Alternating bit protocol
<networking> (ABP) A simple data link layer protocol that retransmits
lost or corrupted messages.
Messages are sent from transmitter A to receiver B. Assume that the channel from
A to B is initialised and that there are no messages in transit. Each message
contains a data part, a checksum, and a one-bit sequence number, i.e. a value
that is 0 or 1.
When A sends a message, it sends it continuously, with the same sequence number,
until it receives an acknowledgment (ACK) from B that contains the same sequence
number. When that happens, A complements (flips) the sequence number and starts
transmitting the next message.
When B receives a message from A, it checks the checksum. If the message is not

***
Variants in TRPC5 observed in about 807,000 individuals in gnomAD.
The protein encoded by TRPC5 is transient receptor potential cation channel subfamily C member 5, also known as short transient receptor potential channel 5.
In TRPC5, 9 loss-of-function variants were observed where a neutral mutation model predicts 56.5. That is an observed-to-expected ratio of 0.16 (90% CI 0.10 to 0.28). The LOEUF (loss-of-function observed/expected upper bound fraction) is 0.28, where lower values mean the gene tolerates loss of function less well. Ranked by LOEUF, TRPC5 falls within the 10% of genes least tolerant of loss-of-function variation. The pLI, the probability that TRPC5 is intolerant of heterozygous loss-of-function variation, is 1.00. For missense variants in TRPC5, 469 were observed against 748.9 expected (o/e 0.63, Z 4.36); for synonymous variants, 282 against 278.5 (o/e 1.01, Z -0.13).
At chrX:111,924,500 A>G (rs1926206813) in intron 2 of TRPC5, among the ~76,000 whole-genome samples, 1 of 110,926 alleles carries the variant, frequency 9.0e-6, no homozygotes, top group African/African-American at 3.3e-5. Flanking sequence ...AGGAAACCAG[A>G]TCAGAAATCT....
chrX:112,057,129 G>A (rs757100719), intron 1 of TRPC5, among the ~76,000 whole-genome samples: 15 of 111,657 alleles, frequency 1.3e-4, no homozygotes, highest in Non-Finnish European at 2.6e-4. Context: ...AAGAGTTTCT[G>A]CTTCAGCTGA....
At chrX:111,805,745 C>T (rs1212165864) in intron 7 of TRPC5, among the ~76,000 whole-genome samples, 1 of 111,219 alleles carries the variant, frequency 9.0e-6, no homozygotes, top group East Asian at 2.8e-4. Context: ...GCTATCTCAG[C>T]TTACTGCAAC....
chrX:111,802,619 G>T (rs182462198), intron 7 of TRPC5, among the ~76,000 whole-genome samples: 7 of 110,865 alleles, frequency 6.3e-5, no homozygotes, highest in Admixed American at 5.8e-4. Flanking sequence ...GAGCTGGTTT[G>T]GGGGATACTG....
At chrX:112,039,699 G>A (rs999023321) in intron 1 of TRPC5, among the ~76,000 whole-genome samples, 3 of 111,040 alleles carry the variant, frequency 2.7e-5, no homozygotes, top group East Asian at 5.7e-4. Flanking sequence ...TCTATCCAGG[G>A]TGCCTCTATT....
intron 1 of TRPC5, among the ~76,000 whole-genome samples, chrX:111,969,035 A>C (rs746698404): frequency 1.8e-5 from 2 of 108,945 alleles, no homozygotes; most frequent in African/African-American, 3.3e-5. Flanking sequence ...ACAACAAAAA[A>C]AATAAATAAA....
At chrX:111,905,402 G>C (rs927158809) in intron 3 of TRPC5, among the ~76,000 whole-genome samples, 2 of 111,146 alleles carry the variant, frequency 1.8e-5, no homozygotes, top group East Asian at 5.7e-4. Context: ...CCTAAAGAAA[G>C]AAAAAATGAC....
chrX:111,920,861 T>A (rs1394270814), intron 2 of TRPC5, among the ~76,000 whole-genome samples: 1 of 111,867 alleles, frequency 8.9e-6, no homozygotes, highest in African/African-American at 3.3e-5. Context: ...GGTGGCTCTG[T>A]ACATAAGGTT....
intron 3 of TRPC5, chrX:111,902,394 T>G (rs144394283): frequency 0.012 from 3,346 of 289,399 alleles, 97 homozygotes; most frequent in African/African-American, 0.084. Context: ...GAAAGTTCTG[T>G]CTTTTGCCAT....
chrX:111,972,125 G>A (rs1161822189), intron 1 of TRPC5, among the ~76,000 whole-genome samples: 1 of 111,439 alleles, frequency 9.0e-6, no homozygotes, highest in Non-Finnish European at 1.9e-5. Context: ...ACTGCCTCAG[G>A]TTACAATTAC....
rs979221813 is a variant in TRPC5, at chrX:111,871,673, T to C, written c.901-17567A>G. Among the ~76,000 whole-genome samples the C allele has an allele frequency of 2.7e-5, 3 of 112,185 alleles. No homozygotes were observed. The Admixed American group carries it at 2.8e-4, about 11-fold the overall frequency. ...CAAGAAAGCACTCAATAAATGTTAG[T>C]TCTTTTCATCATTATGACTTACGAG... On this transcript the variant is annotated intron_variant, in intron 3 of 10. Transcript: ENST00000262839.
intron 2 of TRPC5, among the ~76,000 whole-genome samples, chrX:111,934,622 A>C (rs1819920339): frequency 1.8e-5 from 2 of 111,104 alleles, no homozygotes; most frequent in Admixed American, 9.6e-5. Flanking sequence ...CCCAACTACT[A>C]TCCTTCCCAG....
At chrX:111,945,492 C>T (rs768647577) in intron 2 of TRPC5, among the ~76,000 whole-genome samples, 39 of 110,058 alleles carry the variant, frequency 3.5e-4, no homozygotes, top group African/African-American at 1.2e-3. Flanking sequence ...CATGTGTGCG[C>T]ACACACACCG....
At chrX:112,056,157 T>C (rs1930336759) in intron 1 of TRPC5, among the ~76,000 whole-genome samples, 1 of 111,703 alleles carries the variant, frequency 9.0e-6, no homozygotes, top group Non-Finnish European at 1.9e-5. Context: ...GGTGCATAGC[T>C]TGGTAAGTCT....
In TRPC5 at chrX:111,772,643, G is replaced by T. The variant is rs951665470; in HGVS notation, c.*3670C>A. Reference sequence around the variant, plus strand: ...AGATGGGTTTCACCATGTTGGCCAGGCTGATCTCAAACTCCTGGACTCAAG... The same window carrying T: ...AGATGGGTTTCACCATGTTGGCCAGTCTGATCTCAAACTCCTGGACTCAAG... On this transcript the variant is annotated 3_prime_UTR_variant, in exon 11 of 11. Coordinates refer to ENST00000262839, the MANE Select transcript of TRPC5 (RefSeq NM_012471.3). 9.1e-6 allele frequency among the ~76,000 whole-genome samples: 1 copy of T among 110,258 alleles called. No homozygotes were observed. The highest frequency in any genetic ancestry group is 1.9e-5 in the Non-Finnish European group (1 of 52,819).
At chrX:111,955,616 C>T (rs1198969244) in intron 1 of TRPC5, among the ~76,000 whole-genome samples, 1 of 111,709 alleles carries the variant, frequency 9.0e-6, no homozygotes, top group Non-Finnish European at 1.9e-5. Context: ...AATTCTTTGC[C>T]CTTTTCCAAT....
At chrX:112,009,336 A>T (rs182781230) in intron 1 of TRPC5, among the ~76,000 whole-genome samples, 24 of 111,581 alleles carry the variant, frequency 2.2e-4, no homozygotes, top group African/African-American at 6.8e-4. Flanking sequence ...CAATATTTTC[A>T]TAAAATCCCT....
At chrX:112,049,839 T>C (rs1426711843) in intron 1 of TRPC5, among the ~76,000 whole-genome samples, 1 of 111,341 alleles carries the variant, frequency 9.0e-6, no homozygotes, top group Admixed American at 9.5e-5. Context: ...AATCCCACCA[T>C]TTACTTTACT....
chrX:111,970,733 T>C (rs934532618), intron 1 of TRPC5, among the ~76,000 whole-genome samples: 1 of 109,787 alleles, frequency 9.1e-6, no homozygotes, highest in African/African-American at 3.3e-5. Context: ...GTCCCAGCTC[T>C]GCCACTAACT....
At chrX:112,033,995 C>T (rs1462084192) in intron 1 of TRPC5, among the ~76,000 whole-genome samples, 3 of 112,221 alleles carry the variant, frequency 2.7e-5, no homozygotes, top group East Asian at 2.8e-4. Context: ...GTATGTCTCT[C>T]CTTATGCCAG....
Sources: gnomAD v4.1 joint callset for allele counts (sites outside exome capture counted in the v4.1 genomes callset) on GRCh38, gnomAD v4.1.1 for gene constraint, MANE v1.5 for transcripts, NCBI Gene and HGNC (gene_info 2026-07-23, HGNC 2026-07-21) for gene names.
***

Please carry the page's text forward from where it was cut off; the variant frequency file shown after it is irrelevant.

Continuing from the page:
corrupted B sends back an ACK with the same sequence number. If it is the first
message with that sequence number then it is sent for processing. Subsequent
messages with the same sequence bit are simply acknowledged. If the message is
corrupted B sends back an negative/error acknowledgment (NAK). This is optional,
as A will continue transmitting until it receives the correct ACK.
A treats corrupted ACK messages, and NAK messages in the same way. The simplest
behaviour is to ignore them all and continue transmitting.
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